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Last year, Slovakian company AeroMobil unveiled its latest prototype of an elongated, road-ready vehicle with stowable wings that can navigate both city traffic and the airspace in between landings and take-offs from the world's airports. (Forbes contributor Federico Guerrini covered the reveal in Vienna in October; check it out for more details on the latest model known as the Aeromobil 3.0.) Then, this week at South by Southwest in Austin, Texas, Co-Founder and CEO Juraj Vaculik said that the company planned to move flying cars to market sooner than later. "We are now scaling up quite fast, building the team, and the plan is that in 2017 we'll be able to announce... the first flying roadster," Vaculik told CNBC. "The point is not only to showcase that it's possible to marry together a plane and a car, but to really commercialize it."
originally posted by: Phage
originally posted by: lostbook
What says ATS?
There are enough certified pilots in the sky who shouldn't be.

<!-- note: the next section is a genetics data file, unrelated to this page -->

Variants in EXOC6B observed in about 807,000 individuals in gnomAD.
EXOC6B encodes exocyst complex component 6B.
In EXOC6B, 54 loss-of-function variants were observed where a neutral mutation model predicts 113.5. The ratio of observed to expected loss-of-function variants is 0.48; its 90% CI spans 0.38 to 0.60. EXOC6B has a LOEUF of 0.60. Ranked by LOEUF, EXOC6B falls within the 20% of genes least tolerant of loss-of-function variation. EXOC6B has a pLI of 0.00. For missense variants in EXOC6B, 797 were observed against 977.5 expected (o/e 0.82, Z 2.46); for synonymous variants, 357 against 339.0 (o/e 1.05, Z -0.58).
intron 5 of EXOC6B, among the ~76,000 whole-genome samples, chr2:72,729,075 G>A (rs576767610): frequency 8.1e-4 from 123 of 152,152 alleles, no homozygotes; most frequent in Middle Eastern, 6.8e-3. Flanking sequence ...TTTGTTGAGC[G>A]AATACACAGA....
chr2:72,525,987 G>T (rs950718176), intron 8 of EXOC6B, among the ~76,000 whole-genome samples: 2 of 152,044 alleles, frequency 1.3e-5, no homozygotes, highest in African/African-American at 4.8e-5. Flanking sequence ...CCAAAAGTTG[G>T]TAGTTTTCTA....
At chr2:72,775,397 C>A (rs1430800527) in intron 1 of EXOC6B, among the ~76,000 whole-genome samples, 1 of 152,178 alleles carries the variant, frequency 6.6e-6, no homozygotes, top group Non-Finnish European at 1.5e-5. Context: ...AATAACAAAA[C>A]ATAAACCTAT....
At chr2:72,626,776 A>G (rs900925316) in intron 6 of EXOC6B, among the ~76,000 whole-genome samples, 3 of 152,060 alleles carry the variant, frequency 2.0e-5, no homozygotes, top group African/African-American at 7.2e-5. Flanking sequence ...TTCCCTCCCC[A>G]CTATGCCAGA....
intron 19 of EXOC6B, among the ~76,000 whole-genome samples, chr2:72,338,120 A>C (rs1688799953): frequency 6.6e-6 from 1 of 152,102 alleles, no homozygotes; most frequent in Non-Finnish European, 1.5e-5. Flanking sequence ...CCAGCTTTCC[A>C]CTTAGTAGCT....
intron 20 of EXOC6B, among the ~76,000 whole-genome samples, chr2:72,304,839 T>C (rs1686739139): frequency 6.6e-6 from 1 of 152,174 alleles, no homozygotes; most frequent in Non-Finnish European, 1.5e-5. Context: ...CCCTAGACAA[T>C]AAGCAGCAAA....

originally posted by: choos
a reply to: lostbook
i expect that a pilots licence is mandatory to buy one?
if not, given how most people have trouble driving in regular cars i dont have much hope for flying cars in the future.
Seriously now. I think the reason this will never take off and why it hasn't is the vast investment in the infrastructure of our roads and highways.
Building and expanding roads is big money and lots of jobs. Plus a good reason to get taxes. Air space needs no repair or maintence. Control towers and air stations would be needed, but when you compare how much concrete and asphalt is laid over our earth that's a sliver of the infastructure we would need to travel by air. there is nothing fornthe big cats to get their hands into.